How Elite eSports Athletes Whip Themselves Into Shape to Compete

When Mike “Glaurung” Fisk was 15, he shattered his clavicle during a snowboarding accident. Unable to play soccer, wrestle, or do much of anything, he turned to the one thing he could do: play video games. And that’s what he did for the next two years.

Now Fisk, 21, competes full time as a professional Heroes of the Storm player for esports team Tempo Storm. He’s been in the space for the past three years and is now considered the eighth best player in the world. To maintain this elite rank, he has to practice for hours on end in front of a computer screen, which is admittedly not the healthiest of lifestyle choices. But Fisk finds time to fit in an intense workout routine in his busy tournament schedule, including running, doing 100 push-ups (50 tricep, 50 regular), 100 sit-ups, and 10 pistol squats. He tries to do this once a day.

“As far as numbers go, when I live a healthier lifestyle, I’ve been able to be more consistently close to the top,” he tells

Mike “Glaurung” Fisk of Tempo Storm.
Adam Parkzer

Traditionally, the world has thought of competitive video game players as pasty, out-of-shape basement-dwellers. Former ESPN radio host Colin Cowherd said as much in 2015, when he threatened to quit if he were ever forced to talk about esports. “Somebody lock the basement door at mom’s house, and don’t let them out,” he said.

Since then, Cowherd’s fears have come to fruition: esports is now a $1.5 billion industry, with ESPN regularly airing esports tournaments and inking a major deal with professional esports team Overwatch earlier this month. And with elite players like Fisk increasingly gaining visibility, they’re looking to physical fitness to give them an edge in the digital world.


Because of the lightning-fast reflexes and concentration required in esports, many game-winning decisions come down to millisecond reactions. A sharp mind and body can make all the difference.

Being physically fit is “another way to have an edge. If you’re eating well, you’re going to have more mental clarity,” says Tim Spencer, a longtime gamer and personal trainer.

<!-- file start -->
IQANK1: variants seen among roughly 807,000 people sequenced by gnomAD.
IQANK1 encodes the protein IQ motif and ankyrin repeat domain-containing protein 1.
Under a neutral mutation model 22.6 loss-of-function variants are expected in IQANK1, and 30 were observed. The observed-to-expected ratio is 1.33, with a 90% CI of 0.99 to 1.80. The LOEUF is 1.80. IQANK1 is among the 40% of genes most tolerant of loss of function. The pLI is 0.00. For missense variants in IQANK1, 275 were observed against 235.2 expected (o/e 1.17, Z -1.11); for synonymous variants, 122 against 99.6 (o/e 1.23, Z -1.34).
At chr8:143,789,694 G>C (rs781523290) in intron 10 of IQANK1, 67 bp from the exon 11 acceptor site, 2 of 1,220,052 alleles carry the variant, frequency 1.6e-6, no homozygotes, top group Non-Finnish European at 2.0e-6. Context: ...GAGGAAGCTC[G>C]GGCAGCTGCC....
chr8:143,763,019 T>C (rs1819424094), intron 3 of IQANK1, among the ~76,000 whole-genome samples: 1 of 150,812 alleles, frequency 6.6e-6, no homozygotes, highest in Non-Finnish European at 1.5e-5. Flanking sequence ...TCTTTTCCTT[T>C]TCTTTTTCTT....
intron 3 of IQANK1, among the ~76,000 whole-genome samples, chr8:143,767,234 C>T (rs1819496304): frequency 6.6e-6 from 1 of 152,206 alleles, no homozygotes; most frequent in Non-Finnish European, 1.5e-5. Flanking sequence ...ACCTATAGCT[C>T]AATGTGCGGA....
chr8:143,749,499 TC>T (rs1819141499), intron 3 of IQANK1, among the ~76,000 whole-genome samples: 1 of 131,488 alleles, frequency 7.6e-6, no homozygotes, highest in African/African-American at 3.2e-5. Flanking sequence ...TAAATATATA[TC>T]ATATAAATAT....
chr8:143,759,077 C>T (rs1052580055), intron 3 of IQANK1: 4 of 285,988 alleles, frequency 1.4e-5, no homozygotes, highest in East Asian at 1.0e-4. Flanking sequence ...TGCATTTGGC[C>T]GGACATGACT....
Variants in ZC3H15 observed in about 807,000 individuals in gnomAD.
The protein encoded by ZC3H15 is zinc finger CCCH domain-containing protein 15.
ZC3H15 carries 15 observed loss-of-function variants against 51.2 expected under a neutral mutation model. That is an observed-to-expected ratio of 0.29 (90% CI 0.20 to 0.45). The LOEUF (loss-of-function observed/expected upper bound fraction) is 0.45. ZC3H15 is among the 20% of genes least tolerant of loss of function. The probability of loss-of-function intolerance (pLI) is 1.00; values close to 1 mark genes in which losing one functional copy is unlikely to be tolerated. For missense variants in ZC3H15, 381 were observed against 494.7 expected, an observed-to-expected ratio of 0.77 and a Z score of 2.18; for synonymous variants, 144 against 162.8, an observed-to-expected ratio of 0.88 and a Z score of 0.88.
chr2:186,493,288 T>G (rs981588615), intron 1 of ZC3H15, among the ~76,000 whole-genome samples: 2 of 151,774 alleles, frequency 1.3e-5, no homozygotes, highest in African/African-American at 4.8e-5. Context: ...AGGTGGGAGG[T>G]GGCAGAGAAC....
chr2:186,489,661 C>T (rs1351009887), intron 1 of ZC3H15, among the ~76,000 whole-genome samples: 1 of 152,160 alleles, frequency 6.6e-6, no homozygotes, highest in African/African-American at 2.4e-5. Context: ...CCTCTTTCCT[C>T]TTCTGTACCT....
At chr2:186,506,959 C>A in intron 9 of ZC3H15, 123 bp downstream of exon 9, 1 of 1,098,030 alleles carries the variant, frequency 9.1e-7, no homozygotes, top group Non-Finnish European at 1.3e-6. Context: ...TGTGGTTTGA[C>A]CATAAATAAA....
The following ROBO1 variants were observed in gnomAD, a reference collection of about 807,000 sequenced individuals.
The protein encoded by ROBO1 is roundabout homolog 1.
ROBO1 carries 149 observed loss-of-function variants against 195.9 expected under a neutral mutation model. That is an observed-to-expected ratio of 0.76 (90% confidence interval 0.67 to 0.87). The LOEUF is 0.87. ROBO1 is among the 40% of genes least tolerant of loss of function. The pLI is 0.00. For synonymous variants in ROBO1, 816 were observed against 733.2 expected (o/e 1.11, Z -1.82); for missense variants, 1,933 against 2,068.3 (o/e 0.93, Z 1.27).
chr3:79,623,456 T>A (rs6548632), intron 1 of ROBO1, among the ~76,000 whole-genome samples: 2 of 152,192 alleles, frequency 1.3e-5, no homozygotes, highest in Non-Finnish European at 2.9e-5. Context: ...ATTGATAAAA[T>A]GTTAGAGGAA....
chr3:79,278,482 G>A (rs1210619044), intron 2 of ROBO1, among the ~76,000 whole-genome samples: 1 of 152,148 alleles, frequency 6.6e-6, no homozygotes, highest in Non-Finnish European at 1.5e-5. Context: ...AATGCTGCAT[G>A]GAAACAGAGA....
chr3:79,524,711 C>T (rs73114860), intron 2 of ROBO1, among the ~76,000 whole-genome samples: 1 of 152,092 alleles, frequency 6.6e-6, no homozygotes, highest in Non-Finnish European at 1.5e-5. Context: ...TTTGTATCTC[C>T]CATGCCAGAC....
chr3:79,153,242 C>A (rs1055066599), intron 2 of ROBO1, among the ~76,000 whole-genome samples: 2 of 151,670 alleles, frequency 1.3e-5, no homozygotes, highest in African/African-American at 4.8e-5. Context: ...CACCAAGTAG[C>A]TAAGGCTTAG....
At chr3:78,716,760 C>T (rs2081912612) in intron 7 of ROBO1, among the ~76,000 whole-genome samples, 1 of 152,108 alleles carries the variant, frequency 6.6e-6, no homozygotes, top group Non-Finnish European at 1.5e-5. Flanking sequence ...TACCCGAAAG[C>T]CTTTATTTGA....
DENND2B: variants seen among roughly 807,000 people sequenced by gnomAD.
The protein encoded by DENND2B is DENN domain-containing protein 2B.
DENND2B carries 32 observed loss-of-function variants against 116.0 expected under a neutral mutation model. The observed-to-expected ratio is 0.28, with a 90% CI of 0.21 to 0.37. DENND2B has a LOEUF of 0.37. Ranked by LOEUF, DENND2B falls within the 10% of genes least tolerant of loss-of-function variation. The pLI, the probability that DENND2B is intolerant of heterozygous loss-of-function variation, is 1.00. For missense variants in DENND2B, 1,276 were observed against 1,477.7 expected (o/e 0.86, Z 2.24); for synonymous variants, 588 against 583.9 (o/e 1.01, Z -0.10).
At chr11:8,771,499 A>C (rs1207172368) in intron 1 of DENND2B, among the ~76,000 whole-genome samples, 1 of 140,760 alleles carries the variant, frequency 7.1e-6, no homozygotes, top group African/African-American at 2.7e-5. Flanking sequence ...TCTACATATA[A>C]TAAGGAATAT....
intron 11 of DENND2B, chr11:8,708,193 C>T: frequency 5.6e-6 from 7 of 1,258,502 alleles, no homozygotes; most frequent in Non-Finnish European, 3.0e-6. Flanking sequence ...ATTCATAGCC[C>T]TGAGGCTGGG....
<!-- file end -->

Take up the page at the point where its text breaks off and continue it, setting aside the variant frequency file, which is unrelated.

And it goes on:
Eeee the new on-stream weekly workouts are here! ??? • Just in time for summer, we’re focusing on core exercises and cardio intervals. Tim and I are also upping our overall activity throughout the week by aiming to go for daily walks (or 3 times a week minimum if necessary). This additional movement — and active recovery — helps a lot when working on fat loss goals. • Want to see us demo the exercises? Have questions? We’ll be doing the workouts on our weekly @twitch streams, including tonight! And you can follow along at home by downloading the free PDF here ? • What’s your favorite activity to do in the summer?

A post shared by Nicole Du Cane (@nicoleducane) on

With his wife Nicole Du Cane, Spencer launched Heroes of Fitness, a Twitch livestream that combines gaming and workouts and encourages gamers to adopt a more healthy and active lifestyle.

In the esports world, “longevity is a big issue, so even when a player gets to their mid-20s, they’re already getting towards the end of their career,” Cane explained to “So they’re looking at ways to prolong their career to stay mentally sharp, but also with their reflexes.”

Every stream, the duo goes through a routine of hip flexor stretches to combat the constant sitting, hand wrist stretches to combat wrist pronation while playing with a mouse and keyboard, and shoulder, neck, and hamstring stretches. Cane and Spencer are also certified kettlebell instructors, so often they incorporate kettlebell routines along with bodyweight exercises. In the five-minute exercise break between 30-minute playing sessions, they do push-ups, squats, kettlebell swings, deadlifts, and ab workouts. Saturdays are reserved for yoga.

Fnatic’s Filip “SmX” Liljeström.
Mark Fujii

The couple also does personal training over Skype, working with big-time clients from the esports world. Fnatic’s Filip “SmX” Liljeström is one player who has taken a cue from Heroes of Fitness. As a kid growing up in Sweden, he remembers turning down going to the lake with his friends because he didn’t want to take off his shirt. His father always tried to encourage him to be active, but Liljeström preferred to sit inside and play video games.

Now, as a full-time gamer, Liljeström spends 6-7 days a week at the gym. He typically starts on the treadmill for 30 minutes, then does a healthy mix of dumbbell curls, chest presses, smith machine shoulder presses, and leg presses. He’s tried to encourage his teammates to pick up on his fitness habits, with mixed results. But he’s proud of his transformation from a chubby, 198-lb. 14-year-old who was the “shyest guy in the world” to a fit, 172 lb. man who is comfortable being interviewed on camera.

“I wish I could have gone back and said to myself many years ago that it would be fine,” he says.

These days, more money and bragging rights are on the line than ever before in esports. The desire for teams to be number one will mean that each team will be bringing in every resource to give their players an edge. And as a new generation of fans grows up, more athletes will put in the effort to get fit, and the stereotype of the flabby, inactive, potato-chip-eating player in his mom’s basement will only exist in the minds of the Colin Cowherds of the world.

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